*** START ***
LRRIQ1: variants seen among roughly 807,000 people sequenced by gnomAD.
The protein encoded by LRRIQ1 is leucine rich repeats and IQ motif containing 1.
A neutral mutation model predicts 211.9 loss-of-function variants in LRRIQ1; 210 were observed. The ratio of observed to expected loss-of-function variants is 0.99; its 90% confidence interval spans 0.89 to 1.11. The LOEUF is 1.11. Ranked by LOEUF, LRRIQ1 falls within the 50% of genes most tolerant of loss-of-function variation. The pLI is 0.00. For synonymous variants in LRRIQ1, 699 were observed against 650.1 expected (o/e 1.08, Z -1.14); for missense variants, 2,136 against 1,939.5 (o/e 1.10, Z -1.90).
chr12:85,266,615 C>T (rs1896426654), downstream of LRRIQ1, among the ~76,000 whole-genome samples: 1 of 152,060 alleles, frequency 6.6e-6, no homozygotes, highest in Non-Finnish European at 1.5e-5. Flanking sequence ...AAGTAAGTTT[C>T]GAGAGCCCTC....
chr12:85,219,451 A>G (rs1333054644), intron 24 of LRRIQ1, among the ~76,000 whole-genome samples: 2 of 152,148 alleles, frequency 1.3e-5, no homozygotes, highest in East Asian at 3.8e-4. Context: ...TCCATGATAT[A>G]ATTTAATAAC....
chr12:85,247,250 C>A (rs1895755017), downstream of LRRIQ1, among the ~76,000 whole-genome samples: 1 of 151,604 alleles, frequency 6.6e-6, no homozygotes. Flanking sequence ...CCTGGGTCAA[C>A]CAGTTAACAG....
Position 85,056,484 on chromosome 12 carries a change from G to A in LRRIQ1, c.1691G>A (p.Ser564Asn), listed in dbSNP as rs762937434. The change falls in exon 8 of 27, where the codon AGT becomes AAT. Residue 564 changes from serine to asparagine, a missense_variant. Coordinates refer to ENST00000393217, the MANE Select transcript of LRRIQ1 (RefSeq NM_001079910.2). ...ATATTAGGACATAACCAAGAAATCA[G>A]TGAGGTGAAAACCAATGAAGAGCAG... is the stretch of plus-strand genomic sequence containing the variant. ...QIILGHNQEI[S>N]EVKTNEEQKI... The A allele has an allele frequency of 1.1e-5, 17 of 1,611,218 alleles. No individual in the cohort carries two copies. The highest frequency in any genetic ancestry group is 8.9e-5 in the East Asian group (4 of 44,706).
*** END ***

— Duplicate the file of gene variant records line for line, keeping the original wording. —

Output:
LRRIQ1: variants seen among roughly 807,000 people sequenced by gnomAD.
The protein encoded by LRRIQ1 is leucine rich repeats and IQ motif containing 1.
A neutral mutation model predicts 211.9 loss-of-function variants in LRRIQ1; 210 were observed. The ratio of observed to expected loss-of-function variants is 0.99; its 90% confidence interval spans 0.89 to 1.11. The LOEUF is 1.11. Ranked by LOEUF, LRRIQ1 falls within the 50% of genes most tolerant of loss-of-function variation. The pLI is 0.00. For synonymous variants in LRRIQ1, 699 were observed against 650.1 expected (o/e 1.08, Z -1.14); for missense variants, 2,136 against 1,939.5 (o/e 1.10, Z -1.90).
chr12:85,266,615 C>T (rs1896426654), downstream of LRRIQ1, among the ~76,000 whole-genome samples: 1 of 152,060 alleles, frequency 6.6e-6, no homozygotes, highest in Non-Finnish European at 1.5e-5. Flanking sequence ...AAGTAAGTTT[C>T]GAGAGCCCTC....
chr12:85,219,451 A>G (rs1333054644), intron 24 of LRRIQ1, among the ~76,000 whole-genome samples: 2 of 152,148 alleles, frequency 1.3e-5, no homozygotes, highest in East Asian at 3.8e-4. Context: ...TCCATGATAT[A>G]ATTTAATAAC....
chr12:85,247,250 C>A (rs1895755017), downstream of LRRIQ1, among the ~76,000 whole-genome samples: 1 of 151,604 alleles, frequency 6.6e-6, no homozygotes. Flanking sequence ...CCTGGGTCAA[C>A]CAGTTAACAG....
Position 85,056,484 on chromosome 12 carries a change from G to A in LRRIQ1, c.1691G>A (p.Ser564Asn), listed in dbSNP as rs762937434. The change falls in exon 8 of 27, where the codon AGT becomes AAT. Residue 564 changes from serine to asparagine, a missense_variant. Coordinates refer to ENST00000393217, the MANE Select transcript of LRRIQ1 (RefSeq NM_001079910.2). ...ATATTAGGACATAACCAAGAAATCA[G>A]TGAGGTGAAAACCAATGAAGAGCAG... is the stretch of plus-strand genomic sequence containing the variant. ...QIILGHNQEI[S>N]EVKTNEEQKI... The A allele has an allele frequency of 1.1e-5, 17 of 1,611,218 alleles. No individual in the cohort carries two copies. The highest frequency in any genetic ancestry group is 8.9e-5 in the East Asian group (4 of 44,706).